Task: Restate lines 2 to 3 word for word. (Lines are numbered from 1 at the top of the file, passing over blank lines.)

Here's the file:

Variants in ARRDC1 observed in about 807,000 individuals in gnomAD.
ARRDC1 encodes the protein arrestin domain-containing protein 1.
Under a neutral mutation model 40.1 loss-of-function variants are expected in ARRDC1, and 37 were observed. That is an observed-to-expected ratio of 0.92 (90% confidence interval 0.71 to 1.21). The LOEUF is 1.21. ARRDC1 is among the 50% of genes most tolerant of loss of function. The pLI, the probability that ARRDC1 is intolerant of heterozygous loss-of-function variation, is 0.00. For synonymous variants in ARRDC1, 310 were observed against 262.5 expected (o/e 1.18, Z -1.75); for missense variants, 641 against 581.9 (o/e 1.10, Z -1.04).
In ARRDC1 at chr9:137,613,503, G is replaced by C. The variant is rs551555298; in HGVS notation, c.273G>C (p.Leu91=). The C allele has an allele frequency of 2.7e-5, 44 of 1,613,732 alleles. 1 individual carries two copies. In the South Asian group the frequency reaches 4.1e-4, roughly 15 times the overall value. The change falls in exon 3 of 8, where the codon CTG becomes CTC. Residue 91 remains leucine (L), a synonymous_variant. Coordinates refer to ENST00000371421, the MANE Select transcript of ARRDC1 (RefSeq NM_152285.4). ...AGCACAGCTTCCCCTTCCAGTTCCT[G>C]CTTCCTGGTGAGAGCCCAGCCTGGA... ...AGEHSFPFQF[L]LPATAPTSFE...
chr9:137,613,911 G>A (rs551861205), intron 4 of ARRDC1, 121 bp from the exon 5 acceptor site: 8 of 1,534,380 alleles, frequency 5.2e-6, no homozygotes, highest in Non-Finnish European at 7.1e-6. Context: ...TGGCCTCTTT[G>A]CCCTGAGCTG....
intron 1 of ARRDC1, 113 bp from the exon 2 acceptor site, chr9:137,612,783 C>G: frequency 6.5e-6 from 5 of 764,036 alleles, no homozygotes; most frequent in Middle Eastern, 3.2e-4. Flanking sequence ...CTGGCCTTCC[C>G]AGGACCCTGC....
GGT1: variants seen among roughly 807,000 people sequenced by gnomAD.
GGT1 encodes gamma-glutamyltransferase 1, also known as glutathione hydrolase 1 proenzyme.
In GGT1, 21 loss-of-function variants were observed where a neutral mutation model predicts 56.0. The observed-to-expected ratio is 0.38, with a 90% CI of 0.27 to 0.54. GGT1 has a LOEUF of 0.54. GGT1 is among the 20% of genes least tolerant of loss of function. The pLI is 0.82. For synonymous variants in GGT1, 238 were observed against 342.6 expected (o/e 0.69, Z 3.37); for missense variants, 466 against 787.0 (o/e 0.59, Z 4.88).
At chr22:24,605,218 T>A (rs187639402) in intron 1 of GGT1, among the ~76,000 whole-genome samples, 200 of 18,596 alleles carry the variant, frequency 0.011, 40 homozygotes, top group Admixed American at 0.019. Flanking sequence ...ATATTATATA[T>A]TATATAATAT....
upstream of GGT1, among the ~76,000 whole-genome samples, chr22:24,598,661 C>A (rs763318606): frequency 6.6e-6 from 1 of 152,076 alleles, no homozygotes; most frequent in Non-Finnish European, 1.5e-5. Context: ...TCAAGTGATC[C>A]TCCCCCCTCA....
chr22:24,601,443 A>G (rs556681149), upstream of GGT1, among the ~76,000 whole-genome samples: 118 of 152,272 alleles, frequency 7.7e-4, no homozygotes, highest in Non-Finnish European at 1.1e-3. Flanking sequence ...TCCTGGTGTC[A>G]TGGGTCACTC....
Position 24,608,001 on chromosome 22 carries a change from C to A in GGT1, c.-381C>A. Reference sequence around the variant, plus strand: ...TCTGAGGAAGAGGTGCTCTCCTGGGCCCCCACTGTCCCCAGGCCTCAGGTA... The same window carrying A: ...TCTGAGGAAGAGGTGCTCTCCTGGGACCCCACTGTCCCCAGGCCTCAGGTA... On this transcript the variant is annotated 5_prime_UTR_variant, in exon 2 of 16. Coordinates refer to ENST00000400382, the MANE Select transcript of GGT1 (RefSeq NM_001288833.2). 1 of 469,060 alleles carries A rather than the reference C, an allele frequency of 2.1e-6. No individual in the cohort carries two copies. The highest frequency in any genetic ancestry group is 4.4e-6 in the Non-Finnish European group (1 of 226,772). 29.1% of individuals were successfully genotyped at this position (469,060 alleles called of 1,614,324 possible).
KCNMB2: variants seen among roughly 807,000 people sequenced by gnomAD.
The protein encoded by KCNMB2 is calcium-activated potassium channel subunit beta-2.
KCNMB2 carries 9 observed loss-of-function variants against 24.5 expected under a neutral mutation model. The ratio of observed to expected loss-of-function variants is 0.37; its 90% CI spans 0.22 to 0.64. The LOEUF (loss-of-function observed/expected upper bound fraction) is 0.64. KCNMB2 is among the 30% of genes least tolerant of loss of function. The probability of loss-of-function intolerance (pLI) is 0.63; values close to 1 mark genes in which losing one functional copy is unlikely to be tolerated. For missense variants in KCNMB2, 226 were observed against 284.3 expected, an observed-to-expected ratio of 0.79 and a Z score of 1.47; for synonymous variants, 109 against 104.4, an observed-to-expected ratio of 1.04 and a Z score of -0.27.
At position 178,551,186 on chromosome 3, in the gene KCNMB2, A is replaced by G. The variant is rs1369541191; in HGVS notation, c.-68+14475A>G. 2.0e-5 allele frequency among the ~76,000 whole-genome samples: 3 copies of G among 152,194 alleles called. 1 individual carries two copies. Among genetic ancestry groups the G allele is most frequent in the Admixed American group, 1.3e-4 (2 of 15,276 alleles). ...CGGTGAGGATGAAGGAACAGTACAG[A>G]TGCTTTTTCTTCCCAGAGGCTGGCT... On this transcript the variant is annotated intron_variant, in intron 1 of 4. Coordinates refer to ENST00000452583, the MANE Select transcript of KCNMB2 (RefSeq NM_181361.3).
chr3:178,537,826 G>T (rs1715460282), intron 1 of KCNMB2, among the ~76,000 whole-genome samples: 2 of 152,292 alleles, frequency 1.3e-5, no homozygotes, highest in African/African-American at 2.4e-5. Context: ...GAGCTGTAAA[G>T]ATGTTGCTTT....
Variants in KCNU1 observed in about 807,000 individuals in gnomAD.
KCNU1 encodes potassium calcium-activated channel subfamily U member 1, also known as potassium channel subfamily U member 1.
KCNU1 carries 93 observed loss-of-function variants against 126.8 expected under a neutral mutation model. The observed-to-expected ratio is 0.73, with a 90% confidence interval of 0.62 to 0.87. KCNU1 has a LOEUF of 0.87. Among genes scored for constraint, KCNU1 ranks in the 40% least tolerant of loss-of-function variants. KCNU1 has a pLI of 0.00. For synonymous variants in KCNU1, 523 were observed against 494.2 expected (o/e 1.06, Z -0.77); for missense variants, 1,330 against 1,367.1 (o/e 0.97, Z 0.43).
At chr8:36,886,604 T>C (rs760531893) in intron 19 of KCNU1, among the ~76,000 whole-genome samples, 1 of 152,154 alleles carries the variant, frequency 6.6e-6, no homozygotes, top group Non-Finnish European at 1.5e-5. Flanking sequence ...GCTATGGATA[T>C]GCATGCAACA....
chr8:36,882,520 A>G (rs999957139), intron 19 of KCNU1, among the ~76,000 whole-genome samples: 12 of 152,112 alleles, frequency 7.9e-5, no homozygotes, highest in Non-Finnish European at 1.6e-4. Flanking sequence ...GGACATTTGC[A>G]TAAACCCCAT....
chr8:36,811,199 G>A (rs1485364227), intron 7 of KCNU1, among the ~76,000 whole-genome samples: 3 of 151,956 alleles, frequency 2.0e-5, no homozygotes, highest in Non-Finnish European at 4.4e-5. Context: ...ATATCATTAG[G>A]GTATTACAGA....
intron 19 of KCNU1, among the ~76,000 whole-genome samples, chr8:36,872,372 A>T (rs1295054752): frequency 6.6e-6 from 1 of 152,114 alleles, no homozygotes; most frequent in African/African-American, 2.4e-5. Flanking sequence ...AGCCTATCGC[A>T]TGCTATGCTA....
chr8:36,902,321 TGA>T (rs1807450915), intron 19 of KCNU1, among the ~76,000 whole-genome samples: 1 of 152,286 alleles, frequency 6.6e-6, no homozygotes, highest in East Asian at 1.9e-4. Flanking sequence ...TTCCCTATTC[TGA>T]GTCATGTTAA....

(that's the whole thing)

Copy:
ARRDC1 encodes the protein arrestin domain-containing protein 1.
Under a neutral mutation model 40.1 loss-of-function variants are expected in ARRDC1, and 37 were observed. That is an observed-to-expected ratio of 0.92 (90% confidence interval 0.71 to 1.21). The LOEUF is 1.21. ARRDC1 is among the 50% of genes most tolerant of loss of function. The pLI, the probability that ARRDC1 is intolerant of heterozygous loss-of-function variation, is 0.00. For synonymous variants in ARRDC1, 310 were observed against 262.5 expected (o/e 1.18, Z -1.75); for missense variants, 641 against 581.9 (o/e 1.10, Z -1.04).